Being more accustomed to frogs in warmer, more northern climes, which disdain the colder weather — I’ve been enjoying the winter frog action to be had in this southern chilly location of Albury. After about a week of heavy rain in April and May, the frogs have been calling near constantly from the wetlands around the back of the CSU campus, in sodden paddocks, dam ponds and roadside ditches, audible even through my headphones during my bike ride home. As well the ever-present Crinia signifera and C. parinsignifera (common and eastern sign-bearing froglet respectively), the CSU campus is home to Crinia sloanei, an endangered frog similar in appearance to C. signifera but with different more cheep-y call. After honing in on the call and doing a bit of hunting through the grassy vegetation, I managed to tracked ‘em down and got a good look. A nice frog to tick off the list. Also seen that night — Litoria peroni (Peron’s tree frog), Limnodynastes tasmaniensis (spotted marsh frog), and we heard Litoria ewingii (southern brown tree frog).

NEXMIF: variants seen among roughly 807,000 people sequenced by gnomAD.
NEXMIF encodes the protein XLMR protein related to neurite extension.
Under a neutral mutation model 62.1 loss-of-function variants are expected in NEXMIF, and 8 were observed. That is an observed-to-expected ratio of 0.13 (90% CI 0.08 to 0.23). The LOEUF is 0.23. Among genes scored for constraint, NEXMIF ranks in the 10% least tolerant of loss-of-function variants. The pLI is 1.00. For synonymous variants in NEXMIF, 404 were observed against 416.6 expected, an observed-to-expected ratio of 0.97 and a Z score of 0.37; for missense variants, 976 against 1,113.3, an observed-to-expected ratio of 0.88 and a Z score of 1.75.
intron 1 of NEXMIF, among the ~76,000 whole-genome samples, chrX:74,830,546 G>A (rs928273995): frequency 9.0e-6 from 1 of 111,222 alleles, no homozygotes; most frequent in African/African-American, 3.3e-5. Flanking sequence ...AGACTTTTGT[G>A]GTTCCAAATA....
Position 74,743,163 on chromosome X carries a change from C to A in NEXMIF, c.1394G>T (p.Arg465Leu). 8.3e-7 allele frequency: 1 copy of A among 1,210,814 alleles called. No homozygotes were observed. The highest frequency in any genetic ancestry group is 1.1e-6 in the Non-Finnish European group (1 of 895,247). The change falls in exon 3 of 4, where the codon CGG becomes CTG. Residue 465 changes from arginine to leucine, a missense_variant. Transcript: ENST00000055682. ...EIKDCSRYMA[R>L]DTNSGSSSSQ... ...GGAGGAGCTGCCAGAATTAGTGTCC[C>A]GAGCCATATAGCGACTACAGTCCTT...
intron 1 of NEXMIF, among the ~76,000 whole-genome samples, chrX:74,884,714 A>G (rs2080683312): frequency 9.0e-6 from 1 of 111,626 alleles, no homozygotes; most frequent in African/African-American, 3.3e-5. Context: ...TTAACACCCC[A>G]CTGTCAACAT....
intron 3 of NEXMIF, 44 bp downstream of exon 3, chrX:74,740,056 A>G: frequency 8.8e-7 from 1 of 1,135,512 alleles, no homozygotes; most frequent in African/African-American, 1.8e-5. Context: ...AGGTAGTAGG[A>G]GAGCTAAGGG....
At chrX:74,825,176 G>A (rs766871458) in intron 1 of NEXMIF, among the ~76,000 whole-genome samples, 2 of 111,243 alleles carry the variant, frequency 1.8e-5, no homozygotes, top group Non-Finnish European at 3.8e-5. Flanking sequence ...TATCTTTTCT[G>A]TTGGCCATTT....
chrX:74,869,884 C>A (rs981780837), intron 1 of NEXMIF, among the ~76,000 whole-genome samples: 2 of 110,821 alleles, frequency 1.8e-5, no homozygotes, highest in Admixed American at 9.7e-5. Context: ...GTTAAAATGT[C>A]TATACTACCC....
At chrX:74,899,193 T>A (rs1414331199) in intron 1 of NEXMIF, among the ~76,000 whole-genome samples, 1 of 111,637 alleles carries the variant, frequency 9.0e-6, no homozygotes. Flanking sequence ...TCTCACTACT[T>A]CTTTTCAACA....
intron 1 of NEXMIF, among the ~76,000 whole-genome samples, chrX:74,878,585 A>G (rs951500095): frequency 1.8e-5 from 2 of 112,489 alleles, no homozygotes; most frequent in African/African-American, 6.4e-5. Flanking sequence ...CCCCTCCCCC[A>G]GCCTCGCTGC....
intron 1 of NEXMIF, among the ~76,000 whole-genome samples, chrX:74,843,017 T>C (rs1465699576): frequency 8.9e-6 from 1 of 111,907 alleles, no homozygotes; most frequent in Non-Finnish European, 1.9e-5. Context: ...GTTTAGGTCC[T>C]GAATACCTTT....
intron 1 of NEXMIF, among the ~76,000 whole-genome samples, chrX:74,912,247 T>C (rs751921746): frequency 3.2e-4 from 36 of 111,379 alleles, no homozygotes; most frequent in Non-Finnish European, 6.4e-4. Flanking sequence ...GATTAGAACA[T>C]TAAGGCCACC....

About a week later and after more rain, I noticed a different call in one corner of a paddock as I biked past. Coming back the next night, with fellow intrepid frogger (Carmen Amos), it didn’t take us long to find Neobatrachus sudelli (Sudells burrowing frog)! A cutey burrowing frog that seems quite happy with the sub 10deg temperatures. There’s a lot of tenacity in these winter-calling species, something to admire.